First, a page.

NTPC, India’s largest public sector power producer, is planning to acquire two stressed power projects of Jaiprakash Power Ventures and one of Jindal India on a slump sale basis, as the developers failed to service debt and are now before the National Company Law Tribunal (NCLT).
NTPC, India’s largest public sector power producer, is planning to acquire two stressed power projects of Jaiprakash Power Ventures and one of Jindal India on a slump sale basis, as the developers failed to service debt and are now before the National Company Law Tribunal (NCLT). People close to the development told FE that NTPC is separately negotiating with lenders to arrive at a deal so they can acquire the projects before the resolution providers put up a bid to get new sponsors.
The current sponsors are distressed and cannot run the project, so they are covered under Section 29A of the Insolvency and Bankruptcy Code (IBC) Amendment Act 2018. “If the negotiated deal is not possible, then the lenders will have to find new sponsors. It is at this stage that NTPC wants to find a solution by acquiring these assets with lenders taking a hair cut,” the person involved in the process said.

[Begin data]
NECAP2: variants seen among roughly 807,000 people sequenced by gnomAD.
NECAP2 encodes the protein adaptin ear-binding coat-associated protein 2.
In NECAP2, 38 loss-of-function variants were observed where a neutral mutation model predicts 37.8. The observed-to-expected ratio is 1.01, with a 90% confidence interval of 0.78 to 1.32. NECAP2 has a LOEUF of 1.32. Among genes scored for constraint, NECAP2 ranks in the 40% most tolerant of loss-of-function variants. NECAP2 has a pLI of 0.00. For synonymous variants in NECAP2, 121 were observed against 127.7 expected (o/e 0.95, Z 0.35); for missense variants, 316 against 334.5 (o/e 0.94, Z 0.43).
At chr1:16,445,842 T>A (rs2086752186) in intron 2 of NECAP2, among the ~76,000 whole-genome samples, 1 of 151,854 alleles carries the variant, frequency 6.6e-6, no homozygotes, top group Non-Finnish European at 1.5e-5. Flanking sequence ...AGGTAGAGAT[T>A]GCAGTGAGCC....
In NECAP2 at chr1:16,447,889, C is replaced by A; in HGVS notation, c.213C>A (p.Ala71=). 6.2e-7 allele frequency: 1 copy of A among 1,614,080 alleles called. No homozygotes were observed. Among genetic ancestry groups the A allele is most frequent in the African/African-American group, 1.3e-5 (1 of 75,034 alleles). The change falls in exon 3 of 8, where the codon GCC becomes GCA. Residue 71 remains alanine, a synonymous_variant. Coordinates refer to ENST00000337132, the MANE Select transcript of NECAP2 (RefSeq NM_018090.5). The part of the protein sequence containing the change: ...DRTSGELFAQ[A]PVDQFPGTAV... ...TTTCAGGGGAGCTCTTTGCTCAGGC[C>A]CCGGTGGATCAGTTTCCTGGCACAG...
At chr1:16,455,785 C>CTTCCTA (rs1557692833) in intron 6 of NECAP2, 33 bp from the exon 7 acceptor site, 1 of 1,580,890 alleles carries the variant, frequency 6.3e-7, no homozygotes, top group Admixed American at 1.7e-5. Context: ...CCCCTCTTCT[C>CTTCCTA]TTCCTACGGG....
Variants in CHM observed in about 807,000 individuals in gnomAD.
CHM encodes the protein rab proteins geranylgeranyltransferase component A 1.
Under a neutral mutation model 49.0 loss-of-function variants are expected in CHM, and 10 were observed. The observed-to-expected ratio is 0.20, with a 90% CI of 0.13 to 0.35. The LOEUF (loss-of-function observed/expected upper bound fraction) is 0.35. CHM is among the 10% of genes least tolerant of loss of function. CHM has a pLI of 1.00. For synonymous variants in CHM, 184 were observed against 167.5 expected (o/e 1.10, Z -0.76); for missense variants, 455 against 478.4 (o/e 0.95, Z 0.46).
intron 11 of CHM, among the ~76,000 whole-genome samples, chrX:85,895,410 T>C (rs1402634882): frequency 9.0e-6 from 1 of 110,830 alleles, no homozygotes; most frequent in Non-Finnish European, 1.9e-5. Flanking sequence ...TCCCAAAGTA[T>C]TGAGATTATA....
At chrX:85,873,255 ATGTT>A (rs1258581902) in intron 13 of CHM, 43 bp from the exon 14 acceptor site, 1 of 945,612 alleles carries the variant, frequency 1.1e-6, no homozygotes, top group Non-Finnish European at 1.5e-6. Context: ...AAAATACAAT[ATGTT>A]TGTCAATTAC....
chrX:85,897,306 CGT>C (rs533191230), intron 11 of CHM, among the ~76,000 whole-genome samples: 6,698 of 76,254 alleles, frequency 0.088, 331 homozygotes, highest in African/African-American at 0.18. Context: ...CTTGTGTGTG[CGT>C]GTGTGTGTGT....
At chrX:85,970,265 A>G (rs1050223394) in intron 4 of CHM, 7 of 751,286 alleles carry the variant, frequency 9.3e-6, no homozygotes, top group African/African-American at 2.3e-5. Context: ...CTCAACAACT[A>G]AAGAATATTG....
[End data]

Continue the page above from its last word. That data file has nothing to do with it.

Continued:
The three projects being discussed are two belonging to the Jaiprakash Group — a 1,320 MW Nigrie project in Madhya Pradesh that faced financial issues after de-allocation of captive coal block Amelia North by the Supreme Court in 2013. The captive block was won at a very aggressive price and the company later found it difficult to make the interest and principal payments leading to defaults.
The second project is the 1,980-MW Bara plant operating under Jaiprakash Group’s subsidiary Prayagraj Power Company, which faced cost overrun issues due to delay in setting up of the project. The plant has reported losses due to increase in debt and interest rate and unavailability of coal. The third project is Jindal India’s 1,200-MW Angul plant in Odisha. This project also suffered after the Supreme Court deallocated the coal mine attached to the plant.
When contacted, the NTPC spokesperson declined to comment on the development. There are more than 18,000 MW stressed power projects in NCLT at present. These projects were identified on the basis of their inability to service loans due to various operational factors, like lack of PPAs or fuel linkages.
There are a few cases where the stress has continued even after an earlier restructuring. The RBI’s latest regulations on stressed assets provide resolution of these assets in 180 days, after which it would be mandatory that these projects are put under insolvency resolution process under the IBC. If not resolved even then, these plants might go into liquidation.
The Allahabad High Court last week ruled that a power company can’t be taken to bankruptcy court for not repaying loans unless it has been declared a wilful defaulter. The court has also asked the finance secretary to meet power producers in June to discuss stressed assets, giving banks longer time to find a resolution to stressed accounts.